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Flashcards in MSK Mod 2 Deck (60):

Synovial Joint is composed of?

1. joint capsule
a. fibrous joint capsule (articular capsule)
b. synovial membrane (inner layer)
2. joint space (cavity)
3. synovial fluid
4. articular cartilage


Joint Capsule outer layer

a. fibrous capsule or stratum fibrosum
• poor blood supply but rich in joint receptors (sensory receptors)
• CT of joint capsule


Joint Capsule inner Layer

a. synovium (or stratum synovium) functions:
• synovial fluid production
• immune function
• secrete immunoglobulins
• secrete lysosomal enzymes
• secrete hyaluronate (hyaluronic acid)
(i) glycoaminoglycan “gel” to improve viscosity of synovial fluid
• secrete lubricating glycoproteins
• reduce friction in joint
• ingest debris


Joint Space

1. enclosed by capsule and filled with synovial fluid


Thixotropic properties

viscosity varies inversely with velocity of movement
a. Rest – synovial fluid resists movement of the joint
b. Movement – synovial fluid provides less resistance to movement


Synovial Fluid is

1. Clear, viscous fluid
2. Provides lubrication for the joint surfaces to create “frictionless” surfaces between bones
3. Thixotropic properties


Hyaline articular Cartilage

a. thin covering on the ends of most bones
b. reduces friction, absorb/disperse compressive forces



(i) produce and maintain extra-cellular matrix
1. produce and secrete enzymes that assist in matrix (collagen, PGs) turnover
(ii) forms 2% of cartilage


Extra-cellular matrix-- Non-fibrous component of matrix

(i) proteins, proteoglycans’s, etc.. (5-10% of cartilage)
1. regulate fluid flow in/out cartilage
(ii) water (60-80% of cartilage


Extra cellular matrix-- Fibrous component of matrix

(i) collagen fiber (10-30% of cartilage)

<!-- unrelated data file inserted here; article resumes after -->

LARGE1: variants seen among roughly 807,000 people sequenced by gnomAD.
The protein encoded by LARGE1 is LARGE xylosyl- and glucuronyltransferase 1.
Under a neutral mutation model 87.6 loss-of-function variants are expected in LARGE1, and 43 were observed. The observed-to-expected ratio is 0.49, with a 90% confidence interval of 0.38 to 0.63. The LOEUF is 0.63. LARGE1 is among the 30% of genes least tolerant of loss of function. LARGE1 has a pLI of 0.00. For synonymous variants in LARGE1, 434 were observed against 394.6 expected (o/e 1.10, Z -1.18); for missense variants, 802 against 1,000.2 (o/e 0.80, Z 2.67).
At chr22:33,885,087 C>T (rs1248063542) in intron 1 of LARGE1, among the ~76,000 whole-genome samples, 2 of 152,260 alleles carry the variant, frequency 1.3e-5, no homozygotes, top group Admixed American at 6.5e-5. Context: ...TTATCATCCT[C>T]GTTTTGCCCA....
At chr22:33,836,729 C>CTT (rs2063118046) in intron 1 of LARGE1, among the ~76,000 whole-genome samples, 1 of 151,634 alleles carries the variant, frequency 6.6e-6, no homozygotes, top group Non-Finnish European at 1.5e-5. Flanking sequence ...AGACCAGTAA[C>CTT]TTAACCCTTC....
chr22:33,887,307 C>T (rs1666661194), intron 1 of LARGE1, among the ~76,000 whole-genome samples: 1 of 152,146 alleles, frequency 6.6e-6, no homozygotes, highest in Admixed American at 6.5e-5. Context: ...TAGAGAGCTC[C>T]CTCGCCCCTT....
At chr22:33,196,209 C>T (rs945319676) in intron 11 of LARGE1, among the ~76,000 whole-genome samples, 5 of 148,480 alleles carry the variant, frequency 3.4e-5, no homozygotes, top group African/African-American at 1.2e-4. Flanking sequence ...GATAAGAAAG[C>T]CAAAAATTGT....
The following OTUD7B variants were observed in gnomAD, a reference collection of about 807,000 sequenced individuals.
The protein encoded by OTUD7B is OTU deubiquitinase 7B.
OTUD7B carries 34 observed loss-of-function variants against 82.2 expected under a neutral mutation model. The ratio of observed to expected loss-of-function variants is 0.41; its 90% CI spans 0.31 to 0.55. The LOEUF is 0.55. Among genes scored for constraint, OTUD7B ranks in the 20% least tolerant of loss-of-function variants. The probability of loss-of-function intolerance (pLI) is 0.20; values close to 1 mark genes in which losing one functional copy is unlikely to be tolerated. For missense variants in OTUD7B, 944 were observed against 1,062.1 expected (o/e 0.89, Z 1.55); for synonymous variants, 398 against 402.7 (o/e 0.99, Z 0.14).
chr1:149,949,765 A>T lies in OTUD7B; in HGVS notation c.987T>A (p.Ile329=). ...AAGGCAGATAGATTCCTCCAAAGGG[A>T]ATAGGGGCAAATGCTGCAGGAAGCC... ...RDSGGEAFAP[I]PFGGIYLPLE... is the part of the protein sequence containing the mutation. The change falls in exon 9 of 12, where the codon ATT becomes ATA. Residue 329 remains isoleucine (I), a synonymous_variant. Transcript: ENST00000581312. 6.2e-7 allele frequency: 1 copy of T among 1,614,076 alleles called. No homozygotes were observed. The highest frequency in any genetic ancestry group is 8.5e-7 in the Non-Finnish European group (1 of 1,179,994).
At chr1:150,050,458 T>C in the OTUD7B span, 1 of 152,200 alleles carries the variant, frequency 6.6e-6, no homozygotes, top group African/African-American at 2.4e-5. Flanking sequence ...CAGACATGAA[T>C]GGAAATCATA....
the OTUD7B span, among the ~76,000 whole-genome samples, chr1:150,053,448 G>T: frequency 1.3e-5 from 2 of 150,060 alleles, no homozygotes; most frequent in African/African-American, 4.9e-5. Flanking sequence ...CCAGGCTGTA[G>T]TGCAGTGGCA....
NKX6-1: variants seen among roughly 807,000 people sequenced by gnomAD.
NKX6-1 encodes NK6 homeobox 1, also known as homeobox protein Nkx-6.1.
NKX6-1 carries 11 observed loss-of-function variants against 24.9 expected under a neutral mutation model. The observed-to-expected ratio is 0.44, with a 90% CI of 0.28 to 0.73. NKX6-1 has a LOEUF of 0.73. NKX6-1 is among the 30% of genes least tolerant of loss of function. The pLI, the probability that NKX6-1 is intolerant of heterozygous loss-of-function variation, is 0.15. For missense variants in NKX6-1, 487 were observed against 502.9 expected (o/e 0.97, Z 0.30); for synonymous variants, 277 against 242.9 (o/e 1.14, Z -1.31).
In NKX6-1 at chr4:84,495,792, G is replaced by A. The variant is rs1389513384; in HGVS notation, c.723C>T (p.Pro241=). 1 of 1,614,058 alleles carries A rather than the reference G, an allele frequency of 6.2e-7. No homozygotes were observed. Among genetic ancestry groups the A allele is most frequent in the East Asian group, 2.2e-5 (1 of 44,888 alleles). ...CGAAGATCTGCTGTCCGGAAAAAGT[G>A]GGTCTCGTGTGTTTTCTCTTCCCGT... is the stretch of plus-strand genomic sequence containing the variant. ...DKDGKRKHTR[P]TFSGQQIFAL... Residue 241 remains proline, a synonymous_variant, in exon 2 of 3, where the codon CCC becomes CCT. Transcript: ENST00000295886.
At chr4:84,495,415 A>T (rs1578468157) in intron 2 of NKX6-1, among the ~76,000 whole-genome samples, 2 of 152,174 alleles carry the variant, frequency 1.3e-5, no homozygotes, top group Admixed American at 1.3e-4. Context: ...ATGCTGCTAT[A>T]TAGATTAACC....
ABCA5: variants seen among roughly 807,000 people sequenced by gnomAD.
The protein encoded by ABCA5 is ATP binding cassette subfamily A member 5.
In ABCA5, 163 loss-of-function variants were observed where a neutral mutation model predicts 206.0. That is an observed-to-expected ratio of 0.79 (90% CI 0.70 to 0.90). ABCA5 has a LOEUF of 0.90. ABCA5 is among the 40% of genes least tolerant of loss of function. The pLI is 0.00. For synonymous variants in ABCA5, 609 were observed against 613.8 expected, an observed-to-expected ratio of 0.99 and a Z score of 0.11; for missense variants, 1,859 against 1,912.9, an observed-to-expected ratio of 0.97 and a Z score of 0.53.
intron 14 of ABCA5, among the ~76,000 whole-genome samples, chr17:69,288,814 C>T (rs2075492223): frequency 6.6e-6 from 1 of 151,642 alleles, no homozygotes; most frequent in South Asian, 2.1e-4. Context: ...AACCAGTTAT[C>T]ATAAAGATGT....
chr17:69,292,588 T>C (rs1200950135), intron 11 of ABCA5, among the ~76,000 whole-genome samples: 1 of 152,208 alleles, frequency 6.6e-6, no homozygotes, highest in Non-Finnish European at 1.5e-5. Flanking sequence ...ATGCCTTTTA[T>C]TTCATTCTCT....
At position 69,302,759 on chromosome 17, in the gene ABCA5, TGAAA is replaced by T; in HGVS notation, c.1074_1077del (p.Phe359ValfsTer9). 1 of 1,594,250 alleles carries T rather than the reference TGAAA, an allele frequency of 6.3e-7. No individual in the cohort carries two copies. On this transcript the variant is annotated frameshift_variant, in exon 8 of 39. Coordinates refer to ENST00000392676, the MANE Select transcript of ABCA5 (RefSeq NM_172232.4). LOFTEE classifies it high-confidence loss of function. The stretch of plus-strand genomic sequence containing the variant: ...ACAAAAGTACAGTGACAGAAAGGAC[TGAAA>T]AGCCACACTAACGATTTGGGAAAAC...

1. collagen fibers arranged to absorb mechanical stress


Cartilage – bone interface Zones 1-4

i. Zone 1 – smooth surface, reduce friction of joint surface
ii. Zone 2 & 3 – transitional zones, absorb compressive forces
iii. Tidemark – interface between uncalcified and calcified layers
iv. Zone 4 – calcified cartilage, anchors cartilage to bone


Matrix Turnover (homeostasis)

• Optimal joint function requires consistent matrix turnover
• Enzymes, hormones, and mechanical stimuli all play role in maintaining matrix turnover


Enzymes, hormones, and mechanical stimuli for Matrix Turnover

(i) Enzymes:
1. Chondrocytes – secrete enzymes to assist in breakdown and rebuilding of matrix
(ii) Hormones:
1. GH (growth hormone) and IGF (insulin growth like factor) stimulate chondrocytes and play role in regulating matrix turnover
(iii) Mechanical load:
1. normal wt bearing forces required to stimulate optimal matrix turnover


Healthy Cartilage

• Wt bearing activity will “push” fluid (water/synovial fluid) out of cartilage
• Fluid flow becomes slower and resistance becomes exponentially harder the more the cartilage is compressed
(i) Proteoglycans are responsible for regulating fluid flow in/out of cartilage
• Release of wt bearing force allows fluid to re-enter back into cartilage
• Net result:
(i) this cycle protects against compressive forces and allows for nutrients to pass in/out of cartilage to reach chondrocytes